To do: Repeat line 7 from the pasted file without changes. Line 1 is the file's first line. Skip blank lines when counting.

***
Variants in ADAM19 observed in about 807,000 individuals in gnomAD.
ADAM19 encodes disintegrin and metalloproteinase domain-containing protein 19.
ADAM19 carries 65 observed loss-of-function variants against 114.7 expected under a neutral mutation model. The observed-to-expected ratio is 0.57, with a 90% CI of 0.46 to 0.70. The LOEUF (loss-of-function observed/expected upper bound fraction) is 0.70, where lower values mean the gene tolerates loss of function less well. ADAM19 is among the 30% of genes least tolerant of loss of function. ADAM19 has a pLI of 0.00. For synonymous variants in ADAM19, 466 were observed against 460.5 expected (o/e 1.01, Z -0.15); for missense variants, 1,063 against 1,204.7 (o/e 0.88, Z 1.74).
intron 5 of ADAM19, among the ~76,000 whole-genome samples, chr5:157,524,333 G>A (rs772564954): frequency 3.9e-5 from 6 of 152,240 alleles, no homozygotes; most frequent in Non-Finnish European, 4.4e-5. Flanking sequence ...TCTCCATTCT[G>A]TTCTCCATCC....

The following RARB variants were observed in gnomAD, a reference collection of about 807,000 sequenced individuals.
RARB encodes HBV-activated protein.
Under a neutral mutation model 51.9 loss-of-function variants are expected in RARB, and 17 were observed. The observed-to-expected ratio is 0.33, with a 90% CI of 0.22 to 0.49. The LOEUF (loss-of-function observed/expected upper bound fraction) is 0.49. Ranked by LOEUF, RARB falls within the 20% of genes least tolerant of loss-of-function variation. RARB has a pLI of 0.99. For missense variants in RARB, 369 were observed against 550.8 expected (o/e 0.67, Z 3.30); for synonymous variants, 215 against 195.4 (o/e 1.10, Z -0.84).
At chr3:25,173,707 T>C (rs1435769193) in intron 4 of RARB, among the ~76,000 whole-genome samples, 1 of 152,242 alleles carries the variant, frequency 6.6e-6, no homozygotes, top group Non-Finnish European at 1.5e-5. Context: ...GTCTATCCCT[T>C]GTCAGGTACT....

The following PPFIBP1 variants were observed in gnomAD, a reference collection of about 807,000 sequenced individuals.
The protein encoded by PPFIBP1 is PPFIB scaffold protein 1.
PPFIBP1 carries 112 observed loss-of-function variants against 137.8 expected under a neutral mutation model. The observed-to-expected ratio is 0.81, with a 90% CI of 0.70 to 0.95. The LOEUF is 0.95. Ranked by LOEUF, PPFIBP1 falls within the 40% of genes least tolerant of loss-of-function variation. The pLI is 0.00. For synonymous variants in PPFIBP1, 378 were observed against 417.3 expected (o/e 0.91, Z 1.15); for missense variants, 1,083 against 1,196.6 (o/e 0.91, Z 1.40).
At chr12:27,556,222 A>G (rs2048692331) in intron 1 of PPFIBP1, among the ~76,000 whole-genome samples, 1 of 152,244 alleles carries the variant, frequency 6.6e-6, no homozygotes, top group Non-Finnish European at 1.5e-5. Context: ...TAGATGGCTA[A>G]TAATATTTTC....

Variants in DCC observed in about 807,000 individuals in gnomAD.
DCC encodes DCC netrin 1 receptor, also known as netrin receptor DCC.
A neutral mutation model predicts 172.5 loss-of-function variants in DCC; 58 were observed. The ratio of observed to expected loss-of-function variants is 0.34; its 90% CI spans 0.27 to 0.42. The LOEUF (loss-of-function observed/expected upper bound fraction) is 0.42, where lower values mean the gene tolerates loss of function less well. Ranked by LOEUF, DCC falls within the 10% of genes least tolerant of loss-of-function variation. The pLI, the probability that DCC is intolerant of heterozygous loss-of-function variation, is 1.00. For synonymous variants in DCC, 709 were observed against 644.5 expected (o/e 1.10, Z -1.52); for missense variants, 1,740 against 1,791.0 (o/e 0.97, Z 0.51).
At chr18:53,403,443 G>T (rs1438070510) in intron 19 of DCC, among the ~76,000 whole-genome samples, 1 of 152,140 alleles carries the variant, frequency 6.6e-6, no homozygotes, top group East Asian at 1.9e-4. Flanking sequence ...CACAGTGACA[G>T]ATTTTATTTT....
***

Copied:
Under a neutral mutation model 51.9 loss-of-function variants are expected in RARB, and 17 were observed. The observed-to-expected ratio is 0.33, with a 90% CI of 0.22 to 0.49. The LOEUF (loss-of-function observed/expected upper bound fraction) is 0.49. Ranked by LOEUF, RARB falls within the 20% of genes least tolerant of loss-of-function variation. RARB has a pLI of 0.99. For missense variants in RARB, 369 were observed against 550.8 expected (o/e 0.67, Z 3.30); for synonymous variants, 215 against 195.4 (o/e 1.10, Z -0.84).